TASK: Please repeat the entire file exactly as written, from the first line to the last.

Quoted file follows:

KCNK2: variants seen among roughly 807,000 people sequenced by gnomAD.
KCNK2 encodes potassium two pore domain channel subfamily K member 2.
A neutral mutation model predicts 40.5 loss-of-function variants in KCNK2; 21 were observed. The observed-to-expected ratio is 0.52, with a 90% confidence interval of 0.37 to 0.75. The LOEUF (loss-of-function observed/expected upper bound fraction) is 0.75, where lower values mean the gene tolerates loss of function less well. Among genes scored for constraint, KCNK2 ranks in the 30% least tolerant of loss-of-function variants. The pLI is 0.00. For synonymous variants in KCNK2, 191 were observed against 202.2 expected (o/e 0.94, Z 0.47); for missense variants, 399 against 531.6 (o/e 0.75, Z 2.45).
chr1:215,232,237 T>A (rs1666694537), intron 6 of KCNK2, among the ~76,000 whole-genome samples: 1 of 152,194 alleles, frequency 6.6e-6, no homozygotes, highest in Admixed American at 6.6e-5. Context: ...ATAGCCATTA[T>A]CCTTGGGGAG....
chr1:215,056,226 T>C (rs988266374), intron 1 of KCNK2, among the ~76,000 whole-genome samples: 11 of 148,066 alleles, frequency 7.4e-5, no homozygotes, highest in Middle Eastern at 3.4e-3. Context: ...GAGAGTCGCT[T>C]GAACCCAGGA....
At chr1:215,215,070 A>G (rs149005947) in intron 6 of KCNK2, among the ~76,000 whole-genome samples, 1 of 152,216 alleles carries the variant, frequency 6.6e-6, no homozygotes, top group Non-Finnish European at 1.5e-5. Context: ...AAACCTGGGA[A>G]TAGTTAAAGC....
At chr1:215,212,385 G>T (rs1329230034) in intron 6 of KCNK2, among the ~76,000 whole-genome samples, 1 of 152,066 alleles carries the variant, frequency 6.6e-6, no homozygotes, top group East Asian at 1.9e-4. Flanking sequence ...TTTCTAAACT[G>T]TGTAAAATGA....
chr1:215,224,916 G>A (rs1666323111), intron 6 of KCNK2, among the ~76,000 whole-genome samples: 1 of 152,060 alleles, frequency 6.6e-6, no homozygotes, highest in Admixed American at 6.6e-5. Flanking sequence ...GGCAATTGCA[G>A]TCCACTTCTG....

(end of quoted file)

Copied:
KCNK2: variants seen among roughly 807,000 people sequenced by gnomAD.
KCNK2 encodes potassium two pore domain channel subfamily K member 2.
A neutral mutation model predicts 40.5 loss-of-function variants in KCNK2; 21 were observed. The observed-to-expected ratio is 0.52, with a 90% confidence interval of 0.37 to 0.75. The LOEUF (loss-of-function observed/expected upper bound fraction) is 0.75, where lower values mean the gene tolerates loss of function less well. Among genes scored for constraint, KCNK2 ranks in the 30% least tolerant of loss-of-function variants. The pLI is 0.00. For synonymous variants in KCNK2, 191 were observed against 202.2 expected (o/e 0.94, Z 0.47); for missense variants, 399 against 531.6 (o/e 0.75, Z 2.45).
chr1:215,232,237 T>A (rs1666694537), intron 6 of KCNK2, among the ~76,000 whole-genome samples: 1 of 152,194 alleles, frequency 6.6e-6, no homozygotes, highest in Admixed American at 6.6e-5. Context: ...ATAGCCATTA[T>A]CCTTGGGGAG....
chr1:215,056,226 T>C (rs988266374), intron 1 of KCNK2, among the ~76,000 whole-genome samples: 11 of 148,066 alleles, frequency 7.4e-5, no homozygotes, highest in Middle Eastern at 3.4e-3. Context: ...GAGAGTCGCT[T>C]GAACCCAGGA....
At chr1:215,215,070 A>G (rs149005947) in intron 6 of KCNK2, among the ~76,000 whole-genome samples, 1 of 152,216 alleles carries the variant, frequency 6.6e-6, no homozygotes, top group Non-Finnish European at 1.5e-5. Context: ...AAACCTGGGA[A>G]TAGTTAAAGC....
At chr1:215,212,385 G>T (rs1329230034) in intron 6 of KCNK2, among the ~76,000 whole-genome samples, 1 of 152,066 alleles carries the variant, frequency 6.6e-6, no homozygotes, top group East Asian at 1.9e-4. Flanking sequence ...TTTCTAAACT[G>T]TGTAAAATGA....
chr1:215,224,916 G>A (rs1666323111), intron 6 of KCNK2, among the ~76,000 whole-genome samples: 1 of 152,060 alleles, frequency 6.6e-6, no homozygotes, highest in Admixed American at 6.6e-5. Flanking sequence ...GGCAATTGCA[G>A]TCCACTTCTG....